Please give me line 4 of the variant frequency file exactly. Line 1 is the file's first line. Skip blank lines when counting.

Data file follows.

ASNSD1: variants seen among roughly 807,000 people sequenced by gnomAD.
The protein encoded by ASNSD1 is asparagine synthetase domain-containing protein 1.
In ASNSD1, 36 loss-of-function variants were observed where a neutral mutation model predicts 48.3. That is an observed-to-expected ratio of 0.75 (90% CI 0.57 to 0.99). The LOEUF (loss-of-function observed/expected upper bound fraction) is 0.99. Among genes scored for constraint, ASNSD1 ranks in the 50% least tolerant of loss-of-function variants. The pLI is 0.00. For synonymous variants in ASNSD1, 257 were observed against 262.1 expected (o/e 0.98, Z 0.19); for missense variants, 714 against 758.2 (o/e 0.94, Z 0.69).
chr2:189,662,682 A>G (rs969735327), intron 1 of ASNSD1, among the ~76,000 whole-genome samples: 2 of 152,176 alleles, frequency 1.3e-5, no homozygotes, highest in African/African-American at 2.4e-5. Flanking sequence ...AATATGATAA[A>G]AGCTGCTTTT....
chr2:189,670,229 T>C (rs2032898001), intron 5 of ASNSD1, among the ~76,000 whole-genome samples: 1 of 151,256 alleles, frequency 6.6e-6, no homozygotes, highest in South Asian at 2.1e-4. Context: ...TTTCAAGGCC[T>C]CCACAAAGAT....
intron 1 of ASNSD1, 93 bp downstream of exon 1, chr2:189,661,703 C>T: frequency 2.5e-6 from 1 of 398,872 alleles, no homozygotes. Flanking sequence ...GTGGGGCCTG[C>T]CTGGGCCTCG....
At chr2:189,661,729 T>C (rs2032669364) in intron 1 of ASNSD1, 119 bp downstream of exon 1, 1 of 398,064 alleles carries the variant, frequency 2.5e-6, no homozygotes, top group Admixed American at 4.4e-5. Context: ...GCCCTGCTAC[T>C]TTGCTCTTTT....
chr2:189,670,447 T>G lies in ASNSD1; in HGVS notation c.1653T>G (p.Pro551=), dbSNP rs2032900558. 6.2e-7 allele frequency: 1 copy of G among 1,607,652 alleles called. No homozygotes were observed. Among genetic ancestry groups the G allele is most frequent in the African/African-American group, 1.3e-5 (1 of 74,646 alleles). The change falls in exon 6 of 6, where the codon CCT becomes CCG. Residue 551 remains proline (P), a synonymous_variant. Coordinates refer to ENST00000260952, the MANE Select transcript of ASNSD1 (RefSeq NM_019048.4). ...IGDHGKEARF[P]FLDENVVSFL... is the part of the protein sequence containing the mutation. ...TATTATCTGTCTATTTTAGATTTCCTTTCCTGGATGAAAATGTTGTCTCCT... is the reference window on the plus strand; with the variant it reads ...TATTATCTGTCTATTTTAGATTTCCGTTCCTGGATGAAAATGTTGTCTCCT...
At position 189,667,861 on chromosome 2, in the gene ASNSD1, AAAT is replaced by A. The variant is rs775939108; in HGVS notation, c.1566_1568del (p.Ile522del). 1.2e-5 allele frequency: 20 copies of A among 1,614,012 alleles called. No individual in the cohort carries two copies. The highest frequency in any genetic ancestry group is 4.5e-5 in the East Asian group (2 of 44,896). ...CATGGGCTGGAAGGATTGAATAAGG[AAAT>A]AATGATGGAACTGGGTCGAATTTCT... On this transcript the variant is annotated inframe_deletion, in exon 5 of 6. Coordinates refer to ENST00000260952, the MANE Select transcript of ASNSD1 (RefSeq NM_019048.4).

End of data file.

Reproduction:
chr2:189,662,682 A>G (rs969735327), intron 1 of ASNSD1, among the ~76,000 whole-genome samples: 2 of 152,176 alleles, frequency 1.3e-5, no homozygotes, highest in African/African-American at 2.4e-5. Flanking sequence ...AATATGATAA[A>G]AGCTGCTTTT....